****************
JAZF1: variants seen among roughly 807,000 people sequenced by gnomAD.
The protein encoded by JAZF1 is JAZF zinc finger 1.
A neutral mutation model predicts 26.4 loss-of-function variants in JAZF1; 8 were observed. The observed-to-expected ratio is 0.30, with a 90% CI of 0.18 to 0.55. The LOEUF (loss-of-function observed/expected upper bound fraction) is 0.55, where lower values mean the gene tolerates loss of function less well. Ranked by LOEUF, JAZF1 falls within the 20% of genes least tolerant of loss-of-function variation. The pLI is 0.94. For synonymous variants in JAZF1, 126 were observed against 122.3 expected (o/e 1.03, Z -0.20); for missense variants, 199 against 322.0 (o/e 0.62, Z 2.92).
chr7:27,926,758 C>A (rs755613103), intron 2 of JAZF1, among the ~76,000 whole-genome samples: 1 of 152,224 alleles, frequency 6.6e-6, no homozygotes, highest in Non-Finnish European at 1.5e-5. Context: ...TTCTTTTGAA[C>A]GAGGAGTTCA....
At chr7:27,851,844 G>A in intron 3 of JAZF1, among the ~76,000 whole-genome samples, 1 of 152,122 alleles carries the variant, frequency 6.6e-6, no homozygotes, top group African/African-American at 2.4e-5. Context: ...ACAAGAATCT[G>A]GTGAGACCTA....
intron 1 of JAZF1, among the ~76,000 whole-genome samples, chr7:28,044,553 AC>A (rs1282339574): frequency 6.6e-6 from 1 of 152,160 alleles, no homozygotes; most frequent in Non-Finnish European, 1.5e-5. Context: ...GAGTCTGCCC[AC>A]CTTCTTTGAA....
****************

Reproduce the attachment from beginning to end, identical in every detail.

JAZF1: variants seen among roughly 807,000 people sequenced by gnomAD.
The protein encoded by JAZF1 is JAZF zinc finger 1.
A neutral mutation model predicts 26.4 loss-of-function variants in JAZF1; 8 were observed. The observed-to-expected ratio is 0.30, with a 90% CI of 0.18 to 0.55. The LOEUF (loss-of-function observed/expected upper bound fraction) is 0.55, where lower values mean the gene tolerates loss of function less well. Ranked by LOEUF, JAZF1 falls within the 20% of genes least tolerant of loss-of-function variation. The pLI is 0.94. For synonymous variants in JAZF1, 126 were observed against 122.3 expected (o/e 1.03, Z -0.20); for missense variants, 199 against 322.0 (o/e 0.62, Z 2.92).
chr7:27,926,758 C>A (rs755613103), intron 2 of JAZF1, among the ~76,000 whole-genome samples: 1 of 152,224 alleles, frequency 6.6e-6, no homozygotes, highest in Non-Finnish European at 1.5e-5. Context: ...TTCTTTTGAA[C>A]GAGGAGTTCA....
At chr7:27,851,844 G>A in intron 3 of JAZF1, among the ~76,000 whole-genome samples, 1 of 152,122 alleles carries the variant, frequency 6.6e-6, no homozygotes, top group African/African-American at 2.4e-5. Context: ...ACAAGAATCT[G>A]GTGAGACCTA....
intron 1 of JAZF1, among the ~76,000 whole-genome samples, chr7:28,044,553 AC>A (rs1282339574): frequency 6.6e-6 from 1 of 152,160 alleles, no homozygotes; most frequent in Non-Finnish European, 1.5e-5. Context: ...GAGTCTGCCC[AC>A]CTTCTTTGAA....